And before we know where we are we’ve constructed a mindset that sees Christianity as better than Judaism. That sees Us as primarily better than Them. And it is on such ground that the weeds of anti-Semitism and discrimination and prejudice flourish and grow.

We need to tiptoe our way through this territory with more caution.

The truth is, Jesus was Jewish and both a keeper and an interpreter of the law. And to state the perfectly obvious, Jewish people were and Jewish people now are living lives that are full of freedom, grace, humour and joy.

What Jesus is doing in his teaching, and this is part of the sermon on the mount, don’t forget, is stepping right into the thick of the debates of his day and taking a stance.

I happen not to agree with all he says here about marriage and divorce and adultery. And I can say that freely from the pulpit because our church doesn’t agree with him. Years ago now we changed our marriage discipline because the church didn’t agree with Jesus in this passage. But he wouldn’t expect all his hearers to agree anyway. He is getting stuck into debates about the law that were an essential part of Judaism. He is engaging in contemporary controversies about marriage and divorce and arguing it all out in public. He is stating a view and taking a stand.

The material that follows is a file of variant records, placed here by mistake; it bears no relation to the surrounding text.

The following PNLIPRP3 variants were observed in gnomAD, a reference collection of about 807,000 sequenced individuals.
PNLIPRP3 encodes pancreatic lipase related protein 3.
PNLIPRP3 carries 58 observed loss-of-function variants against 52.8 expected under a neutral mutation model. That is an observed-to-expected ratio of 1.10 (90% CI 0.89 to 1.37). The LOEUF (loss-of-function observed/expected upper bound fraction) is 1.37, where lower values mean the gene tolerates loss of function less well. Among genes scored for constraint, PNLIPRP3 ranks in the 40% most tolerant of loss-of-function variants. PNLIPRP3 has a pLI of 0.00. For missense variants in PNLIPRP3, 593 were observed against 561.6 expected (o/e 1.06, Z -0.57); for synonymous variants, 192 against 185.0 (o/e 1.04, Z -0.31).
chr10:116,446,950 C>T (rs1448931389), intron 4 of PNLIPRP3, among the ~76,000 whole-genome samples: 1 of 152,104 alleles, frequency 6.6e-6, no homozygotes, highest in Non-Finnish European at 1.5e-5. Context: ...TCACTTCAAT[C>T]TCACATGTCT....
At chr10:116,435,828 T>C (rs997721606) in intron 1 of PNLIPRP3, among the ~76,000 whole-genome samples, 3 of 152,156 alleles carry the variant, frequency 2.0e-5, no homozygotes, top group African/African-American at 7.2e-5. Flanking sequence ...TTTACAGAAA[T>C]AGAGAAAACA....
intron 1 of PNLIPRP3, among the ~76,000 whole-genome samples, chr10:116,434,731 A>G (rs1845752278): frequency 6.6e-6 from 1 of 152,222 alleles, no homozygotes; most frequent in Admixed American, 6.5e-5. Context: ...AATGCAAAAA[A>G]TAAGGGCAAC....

The big mistake is to read off these pages a hard-hearted morality for ourselves and try to live by it. If we do we’ll not just be sinners we’ll be particularly miserable ones.

Remember the big themes and apply them to the world around you and you won’t go wrong. He says it is about our motives after all.